A gynecologist who worked at the University of Southern California's health center allegedly inappropriately touched students and made sexually and racially discriminatory comments for nearly two decades, but was still allowed to see patients until he resigned last year while under investigation, school officials said in a statement Tuesday.
The university said it parted ways with gynecologist, George Tyndall, last June after a yearlong investigation sparked by a complaint from a staff member. However, there had been numerous other complaints made against the veteran physician for years, officials said in a statement, adding that it was unclear as to why he was able to keep his position.
Medical assistants who worked with the 71-year-old had also raised concerns about the way he conducted pelvic examinations, officials said in their statement. The university hired Tyndall in 1989, a spokesperson said. Staffers started warning officials about his alleged behavior in the early 90s.
USC issued the statement after being contacted by the Los Angeles Times last week. Officials said the correspondence raised the possibility that additional information may exist regarding Tyndall that the university wasn't aware of.
From 2000 to 2014, eight complaints were lodged against Tyndall that university president C. L. Max Nikias described as "concerning" and included racially insensitive and inappropriate comments. The patients also said the doctor seemed to violate their privacy and made them "uncomfortable."
Following the university's explanation, the Times published its own investigation into Tyndall's behavior.
Over his nearly 30-year tenure, the doctor saw thousands of female students, USC confirmed to BuzzFeed News. The Times reported that Tyndall would see as many as 16 patients a day.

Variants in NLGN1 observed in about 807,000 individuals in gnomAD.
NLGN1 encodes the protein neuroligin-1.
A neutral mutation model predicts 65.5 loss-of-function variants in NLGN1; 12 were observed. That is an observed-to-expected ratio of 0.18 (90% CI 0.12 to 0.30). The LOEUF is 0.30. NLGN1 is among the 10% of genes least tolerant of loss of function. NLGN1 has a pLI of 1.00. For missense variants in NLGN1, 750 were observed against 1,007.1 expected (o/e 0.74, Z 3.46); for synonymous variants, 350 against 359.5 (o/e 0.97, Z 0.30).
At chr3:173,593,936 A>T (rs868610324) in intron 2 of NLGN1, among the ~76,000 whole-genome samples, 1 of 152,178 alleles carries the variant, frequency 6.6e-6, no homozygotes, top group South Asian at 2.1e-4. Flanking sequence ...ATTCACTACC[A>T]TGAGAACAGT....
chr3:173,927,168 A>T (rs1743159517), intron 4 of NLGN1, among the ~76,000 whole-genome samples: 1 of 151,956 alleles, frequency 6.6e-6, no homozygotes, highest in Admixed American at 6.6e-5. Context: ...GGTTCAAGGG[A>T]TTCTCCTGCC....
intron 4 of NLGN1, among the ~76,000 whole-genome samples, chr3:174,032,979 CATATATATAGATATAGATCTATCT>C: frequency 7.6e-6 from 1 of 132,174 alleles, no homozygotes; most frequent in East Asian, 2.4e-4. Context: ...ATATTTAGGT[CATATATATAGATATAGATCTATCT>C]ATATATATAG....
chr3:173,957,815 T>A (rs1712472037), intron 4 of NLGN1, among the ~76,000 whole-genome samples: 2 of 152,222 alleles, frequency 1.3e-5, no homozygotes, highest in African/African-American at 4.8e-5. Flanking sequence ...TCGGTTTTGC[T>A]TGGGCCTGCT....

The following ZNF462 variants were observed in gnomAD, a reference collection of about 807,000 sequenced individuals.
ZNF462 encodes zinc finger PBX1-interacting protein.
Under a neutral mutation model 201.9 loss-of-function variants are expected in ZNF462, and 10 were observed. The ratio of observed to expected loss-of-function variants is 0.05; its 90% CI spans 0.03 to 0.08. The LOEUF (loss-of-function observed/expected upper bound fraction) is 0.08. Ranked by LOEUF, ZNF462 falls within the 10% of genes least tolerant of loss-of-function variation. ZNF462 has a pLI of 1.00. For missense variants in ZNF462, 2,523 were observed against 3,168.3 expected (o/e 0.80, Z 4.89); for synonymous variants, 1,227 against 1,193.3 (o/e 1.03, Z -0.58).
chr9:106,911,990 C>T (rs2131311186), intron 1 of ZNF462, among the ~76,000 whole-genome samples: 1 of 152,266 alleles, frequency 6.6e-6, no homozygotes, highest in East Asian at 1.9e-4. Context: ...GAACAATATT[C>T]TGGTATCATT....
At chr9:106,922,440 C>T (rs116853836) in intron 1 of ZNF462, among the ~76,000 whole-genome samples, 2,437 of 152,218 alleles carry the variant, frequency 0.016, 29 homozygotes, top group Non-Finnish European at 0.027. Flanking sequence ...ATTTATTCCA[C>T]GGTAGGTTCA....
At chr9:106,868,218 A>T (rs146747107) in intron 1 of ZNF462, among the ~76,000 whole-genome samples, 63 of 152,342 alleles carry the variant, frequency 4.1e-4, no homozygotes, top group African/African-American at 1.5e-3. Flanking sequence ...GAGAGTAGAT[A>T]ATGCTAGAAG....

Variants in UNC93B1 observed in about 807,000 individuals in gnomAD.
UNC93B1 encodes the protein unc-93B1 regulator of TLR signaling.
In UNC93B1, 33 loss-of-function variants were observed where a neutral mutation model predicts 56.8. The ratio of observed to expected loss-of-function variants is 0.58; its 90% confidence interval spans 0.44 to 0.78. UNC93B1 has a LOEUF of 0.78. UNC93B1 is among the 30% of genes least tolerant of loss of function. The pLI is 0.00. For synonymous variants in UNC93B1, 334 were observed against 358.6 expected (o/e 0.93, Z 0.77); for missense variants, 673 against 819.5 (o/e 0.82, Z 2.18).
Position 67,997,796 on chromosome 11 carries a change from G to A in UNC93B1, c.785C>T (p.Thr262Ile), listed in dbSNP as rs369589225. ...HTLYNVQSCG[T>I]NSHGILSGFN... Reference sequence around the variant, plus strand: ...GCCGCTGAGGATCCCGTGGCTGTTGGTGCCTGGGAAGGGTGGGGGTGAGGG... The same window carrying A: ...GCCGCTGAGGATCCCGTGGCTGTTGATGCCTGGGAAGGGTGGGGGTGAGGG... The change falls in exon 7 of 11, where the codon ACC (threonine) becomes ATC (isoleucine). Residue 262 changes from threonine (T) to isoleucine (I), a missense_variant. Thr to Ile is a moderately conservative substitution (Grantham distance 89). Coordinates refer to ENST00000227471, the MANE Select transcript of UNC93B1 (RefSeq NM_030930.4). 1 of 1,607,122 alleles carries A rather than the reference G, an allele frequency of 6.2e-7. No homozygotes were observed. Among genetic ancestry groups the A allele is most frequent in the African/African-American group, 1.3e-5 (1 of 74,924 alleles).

Panthea was a 26-year-old graduate student in USC's neuroscience program when she went to the student health center in 2013 to get her annual exam and check on some pain she had been having. After she left, she vowed she would never see a male gynecologist ever again.
"Before he put the speculum in he fingered me and he said it was to see if it would fit. He then put two fingers in and slid them in and out," she told BuzzFeed News. "I remember feeling so strange and uncomfortable. He also touched my inner thigh but at the time I brushed it off as an accident."
While examining her and discussing the pain she was having during sexual intercourse, she said the doctor commented on her "tight pelvic floor muscles" and how lucky she was.
"He said, 'that's a good thing and I should try and keep it tight for my partner,'" she recalled.
Lying there, she said she remembers wondering if he was performing this type of exam because, for the first time, she had told a gynecologist about her history of rape and sexual abuse.
"It felt wrong. It was wrong but in the moment you don't know," she said. "He just took the reigns and did his own thing."